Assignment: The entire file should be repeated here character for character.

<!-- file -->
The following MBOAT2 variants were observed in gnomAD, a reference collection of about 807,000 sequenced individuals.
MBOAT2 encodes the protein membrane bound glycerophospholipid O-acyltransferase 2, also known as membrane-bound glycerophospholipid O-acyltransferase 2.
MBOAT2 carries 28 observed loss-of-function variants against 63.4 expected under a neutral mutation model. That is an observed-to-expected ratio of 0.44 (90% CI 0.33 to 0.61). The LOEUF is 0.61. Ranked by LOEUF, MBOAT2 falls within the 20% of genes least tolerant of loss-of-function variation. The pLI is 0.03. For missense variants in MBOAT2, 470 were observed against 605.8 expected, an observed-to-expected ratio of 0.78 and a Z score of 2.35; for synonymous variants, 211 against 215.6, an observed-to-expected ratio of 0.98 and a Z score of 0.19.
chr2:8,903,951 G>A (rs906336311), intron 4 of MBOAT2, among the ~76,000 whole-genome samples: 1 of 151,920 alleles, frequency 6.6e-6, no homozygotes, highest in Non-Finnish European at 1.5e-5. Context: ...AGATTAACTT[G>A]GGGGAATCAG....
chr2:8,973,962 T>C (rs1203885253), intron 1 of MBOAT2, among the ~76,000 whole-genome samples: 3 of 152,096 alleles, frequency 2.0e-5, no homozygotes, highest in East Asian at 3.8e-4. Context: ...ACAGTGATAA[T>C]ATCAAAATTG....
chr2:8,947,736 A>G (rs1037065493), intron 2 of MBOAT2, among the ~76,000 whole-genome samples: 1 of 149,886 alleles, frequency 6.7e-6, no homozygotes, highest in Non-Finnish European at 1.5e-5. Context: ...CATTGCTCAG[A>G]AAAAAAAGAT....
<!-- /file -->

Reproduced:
The following MBOAT2 variants were observed in gnomAD, a reference collection of about 807,000 sequenced individuals.
MBOAT2 encodes the protein membrane bound glycerophospholipid O-acyltransferase 2, also known as membrane-bound glycerophospholipid O-acyltransferase 2.
MBOAT2 carries 28 observed loss-of-function variants against 63.4 expected under a neutral mutation model. That is an observed-to-expected ratio of 0.44 (90% CI 0.33 to 0.61). The LOEUF is 0.61. Ranked by LOEUF, MBOAT2 falls within the 20% of genes least tolerant of loss-of-function variation. The pLI is 0.03. For missense variants in MBOAT2, 470 were observed against 605.8 expected, an observed-to-expected ratio of 0.78 and a Z score of 2.35; for synonymous variants, 211 against 215.6, an observed-to-expected ratio of 0.98 and a Z score of 0.19.
chr2:8,903,951 G>A (rs906336311), intron 4 of MBOAT2, among the ~76,000 whole-genome samples: 1 of 151,920 alleles, frequency 6.6e-6, no homozygotes, highest in Non-Finnish European at 1.5e-5. Context: ...AGATTAACTT[G>A]GGGGAATCAG....
chr2:8,973,962 T>C (rs1203885253), intron 1 of MBOAT2, among the ~76,000 whole-genome samples: 3 of 152,096 alleles, frequency 2.0e-5, no homozygotes, highest in East Asian at 3.8e-4. Context: ...ACAGTGATAA[T>C]ATCAAAATTG....
chr2:8,947,736 A>G (rs1037065493), intron 2 of MBOAT2, among the ~76,000 whole-genome samples: 1 of 149,886 alleles, frequency 6.7e-6, no homozygotes, highest in Non-Finnish European at 1.5e-5. Context: ...CATTGCTCAG[A>G]AAAAAAAGAT....